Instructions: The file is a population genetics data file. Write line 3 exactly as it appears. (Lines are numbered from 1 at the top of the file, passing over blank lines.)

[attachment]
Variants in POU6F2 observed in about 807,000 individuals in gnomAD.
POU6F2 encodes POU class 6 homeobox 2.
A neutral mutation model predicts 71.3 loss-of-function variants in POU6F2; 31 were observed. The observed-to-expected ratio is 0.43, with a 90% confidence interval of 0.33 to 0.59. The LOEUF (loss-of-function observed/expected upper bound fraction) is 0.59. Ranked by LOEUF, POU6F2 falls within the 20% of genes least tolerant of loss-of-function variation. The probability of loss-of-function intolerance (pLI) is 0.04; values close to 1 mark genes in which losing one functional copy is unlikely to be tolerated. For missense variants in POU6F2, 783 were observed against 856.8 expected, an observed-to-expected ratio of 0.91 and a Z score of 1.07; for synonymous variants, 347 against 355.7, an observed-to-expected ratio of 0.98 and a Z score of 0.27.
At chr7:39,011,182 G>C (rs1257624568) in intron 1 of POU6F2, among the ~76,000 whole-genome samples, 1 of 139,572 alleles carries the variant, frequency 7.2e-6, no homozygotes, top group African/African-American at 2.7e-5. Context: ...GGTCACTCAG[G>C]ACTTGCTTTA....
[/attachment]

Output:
A neutral mutation model predicts 71.3 loss-of-function variants in POU6F2; 31 were observed. The observed-to-expected ratio is 0.43, with a 90% confidence interval of 0.33 to 0.59. The LOEUF (loss-of-function observed/expected upper bound fraction) is 0.59. Ranked by LOEUF, POU6F2 falls within the 20% of genes least tolerant of loss-of-function variation. The probability of loss-of-function intolerance (pLI) is 0.04; values close to 1 mark genes in which losing one functional copy is unlikely to be tolerated. For missense variants in POU6F2, 783 were observed against 856.8 expected, an observed-to-expected ratio of 0.91 and a Z score of 1.07; for synonymous variants, 347 against 355.7, an observed-to-expected ratio of 0.98 and a Z score of 0.27.